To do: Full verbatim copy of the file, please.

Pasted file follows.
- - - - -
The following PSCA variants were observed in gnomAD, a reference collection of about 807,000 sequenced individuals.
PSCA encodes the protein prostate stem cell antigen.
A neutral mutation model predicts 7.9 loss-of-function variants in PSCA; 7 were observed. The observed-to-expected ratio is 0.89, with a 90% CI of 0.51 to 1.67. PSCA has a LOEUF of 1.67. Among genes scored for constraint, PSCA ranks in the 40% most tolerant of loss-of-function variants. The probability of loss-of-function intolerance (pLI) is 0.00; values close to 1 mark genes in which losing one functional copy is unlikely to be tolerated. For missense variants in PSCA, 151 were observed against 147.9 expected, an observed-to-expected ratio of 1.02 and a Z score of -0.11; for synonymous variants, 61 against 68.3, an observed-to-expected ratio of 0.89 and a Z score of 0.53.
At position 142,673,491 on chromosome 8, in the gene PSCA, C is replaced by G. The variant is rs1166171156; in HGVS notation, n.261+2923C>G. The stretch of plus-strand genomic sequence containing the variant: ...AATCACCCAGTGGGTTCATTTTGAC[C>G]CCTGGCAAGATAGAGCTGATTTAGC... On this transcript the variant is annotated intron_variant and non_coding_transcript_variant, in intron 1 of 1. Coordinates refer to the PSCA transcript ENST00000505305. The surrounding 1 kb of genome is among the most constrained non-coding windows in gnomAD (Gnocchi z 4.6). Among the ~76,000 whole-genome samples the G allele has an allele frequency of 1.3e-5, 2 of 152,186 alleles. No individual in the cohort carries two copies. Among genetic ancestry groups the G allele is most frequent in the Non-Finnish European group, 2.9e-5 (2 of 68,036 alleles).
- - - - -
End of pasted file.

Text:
The following PSCA variants were observed in gnomAD, a reference collection of about 807,000 sequenced individuals.
PSCA encodes the protein prostate stem cell antigen.
A neutral mutation model predicts 7.9 loss-of-function variants in PSCA; 7 were observed. The observed-to-expected ratio is 0.89, with a 90% CI of 0.51 to 1.67. PSCA has a LOEUF of 1.67. Among genes scored for constraint, PSCA ranks in the 40% most tolerant of loss-of-function variants. The probability of loss-of-function intolerance (pLI) is 0.00; values close to 1 mark genes in which losing one functional copy is unlikely to be tolerated. For missense variants in PSCA, 151 were observed against 147.9 expected, an observed-to-expected ratio of 1.02 and a Z score of -0.11; for synonymous variants, 61 against 68.3, an observed-to-expected ratio of 0.89 and a Z score of 0.53.
At position 142,673,491 on chromosome 8, in the gene PSCA, C is replaced by G. The variant is rs1166171156; in HGVS notation, n.261+2923C>G. The stretch of plus-strand genomic sequence containing the variant: ...AATCACCCAGTGGGTTCATTTTGAC[C>G]CCTGGCAAGATAGAGCTGATTTAGC... On this transcript the variant is annotated intron_variant and non_coding_transcript_variant, in intron 1 of 1. Coordinates refer to the PSCA transcript ENST00000505305. The surrounding 1 kb of genome is among the most constrained non-coding windows in gnomAD (Gnocchi z 4.6). Among the ~76,000 whole-genome samples the G allele has an allele frequency of 1.3e-5, 2 of 152,186 alleles. No individual in the cohort carries two copies. Among genetic ancestry groups the G allele is most frequent in the Non-Finnish European group, 2.9e-5 (2 of 68,036 alleles).